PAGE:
Josh Hoeg
Josh Hoeg
Title: Offensive Coordinator
Email: jhoeg@stevenson.edu

Josh Hoeg was named offensive coordinator for the Mustang football program in April, 2019.  Hoeg comes to Stevenson after seven years on the staff at Division II Gannon University in Erie, Pennsylvania, where he most recently served as offensive coordinator and assistant head coach.

During Hoeg’s tenure with the Knights, he coached a total of five All-Americans and 16 All-Conference players, including two PSAC West Offensive Players of the Year in 2014 and 2017.  In 2017 Hoeg coached Harlon Hill Award runner up Marcus Jones, who led Division II with 2,176 yards.  Gannon was PSAC West co-champions in 2014, a season in which the Knights set program records in total yards (5,146), points (414) and touchdowns (55).

Prior to his time in Erie, Hoeg spent four seasons as the offensive coordinator, quarterback coach and recruiting coordinator at Wabash College, where he helped guide the Little Giants to a 39-7 record over his tenure and NCAA Division III Tournament appearances in 2008, 2009 and 2011 and a pair of North Coast Athletic Conference championships.  The 2011 squad finished No. 6 in the final AFCA Division III poll after bowing out to Mount Union in the NCAA quarterfinals.  At Wabash, Hoeg coached three All-Americans and 27 All-Conference performers.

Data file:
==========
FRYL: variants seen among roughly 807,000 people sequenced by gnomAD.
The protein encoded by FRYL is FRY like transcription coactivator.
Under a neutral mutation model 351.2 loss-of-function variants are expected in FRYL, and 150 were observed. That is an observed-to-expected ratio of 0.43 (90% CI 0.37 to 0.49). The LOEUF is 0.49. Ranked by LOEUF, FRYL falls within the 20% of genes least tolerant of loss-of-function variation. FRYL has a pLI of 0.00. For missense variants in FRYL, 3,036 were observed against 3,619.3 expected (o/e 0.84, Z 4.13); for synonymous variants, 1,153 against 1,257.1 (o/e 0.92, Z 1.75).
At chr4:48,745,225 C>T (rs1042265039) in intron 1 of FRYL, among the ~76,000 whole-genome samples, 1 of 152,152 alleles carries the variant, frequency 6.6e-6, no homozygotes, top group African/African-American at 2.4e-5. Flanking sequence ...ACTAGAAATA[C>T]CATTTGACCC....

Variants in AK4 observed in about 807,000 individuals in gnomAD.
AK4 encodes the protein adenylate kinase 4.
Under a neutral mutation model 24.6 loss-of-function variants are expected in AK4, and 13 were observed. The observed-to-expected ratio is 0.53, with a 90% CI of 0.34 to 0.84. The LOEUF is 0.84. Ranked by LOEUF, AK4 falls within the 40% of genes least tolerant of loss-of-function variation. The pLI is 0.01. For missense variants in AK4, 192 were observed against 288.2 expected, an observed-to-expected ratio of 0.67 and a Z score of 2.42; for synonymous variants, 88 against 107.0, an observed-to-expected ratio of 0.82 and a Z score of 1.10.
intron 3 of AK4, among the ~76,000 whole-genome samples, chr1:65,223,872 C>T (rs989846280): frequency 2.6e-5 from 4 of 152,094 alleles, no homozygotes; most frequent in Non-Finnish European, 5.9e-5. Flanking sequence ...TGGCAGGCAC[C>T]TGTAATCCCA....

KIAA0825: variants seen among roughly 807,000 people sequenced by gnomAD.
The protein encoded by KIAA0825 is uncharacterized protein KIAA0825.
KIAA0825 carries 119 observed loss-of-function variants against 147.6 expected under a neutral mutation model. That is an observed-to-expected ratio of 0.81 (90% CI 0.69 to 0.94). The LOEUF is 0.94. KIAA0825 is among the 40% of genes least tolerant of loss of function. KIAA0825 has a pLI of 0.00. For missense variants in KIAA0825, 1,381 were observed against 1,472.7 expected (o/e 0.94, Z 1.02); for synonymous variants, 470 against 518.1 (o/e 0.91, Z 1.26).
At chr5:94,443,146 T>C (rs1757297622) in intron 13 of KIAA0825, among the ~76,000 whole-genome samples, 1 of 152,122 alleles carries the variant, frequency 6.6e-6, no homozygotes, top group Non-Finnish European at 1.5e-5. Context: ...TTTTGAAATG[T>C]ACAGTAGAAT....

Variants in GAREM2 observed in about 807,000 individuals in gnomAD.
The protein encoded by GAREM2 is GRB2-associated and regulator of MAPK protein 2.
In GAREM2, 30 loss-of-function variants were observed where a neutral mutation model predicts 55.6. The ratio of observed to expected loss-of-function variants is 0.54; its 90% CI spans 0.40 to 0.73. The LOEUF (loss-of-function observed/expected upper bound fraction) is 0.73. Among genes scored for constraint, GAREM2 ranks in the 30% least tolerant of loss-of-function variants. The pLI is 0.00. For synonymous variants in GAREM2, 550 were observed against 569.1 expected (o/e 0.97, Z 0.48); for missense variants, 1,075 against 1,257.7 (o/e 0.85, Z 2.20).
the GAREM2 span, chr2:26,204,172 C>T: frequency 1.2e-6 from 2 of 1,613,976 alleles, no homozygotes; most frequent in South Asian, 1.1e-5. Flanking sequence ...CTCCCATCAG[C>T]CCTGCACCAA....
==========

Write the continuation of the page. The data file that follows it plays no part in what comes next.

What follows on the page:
Hoeg spent the 2007 season as quarterbacks coach at Lake Forest College after three seasons on staff at his alma mater, Coe College, where he worked with the wide receivers and also was the program’s video coordinator.  The Kohawks went 25-8 over his three seasons with one NCAA appearance.

During the summer of 2011, Hoeg helped the USA National Football Team win the 2011 World Championship in Austria. He served as the running backs coach, tutoring tournament MVP Nate Kmic and helping the team finish 4-0.

A 2004 graduate of Coe, Hoeg was a wide receiver and served as a team captain as a senior.  In 2002, the program picked up its first NCAA tournament win, while in 2003 he led the team averaging 21.4 yards per reception.  He later earned his Master of Arts in Teaching while serving as a graduate assistant.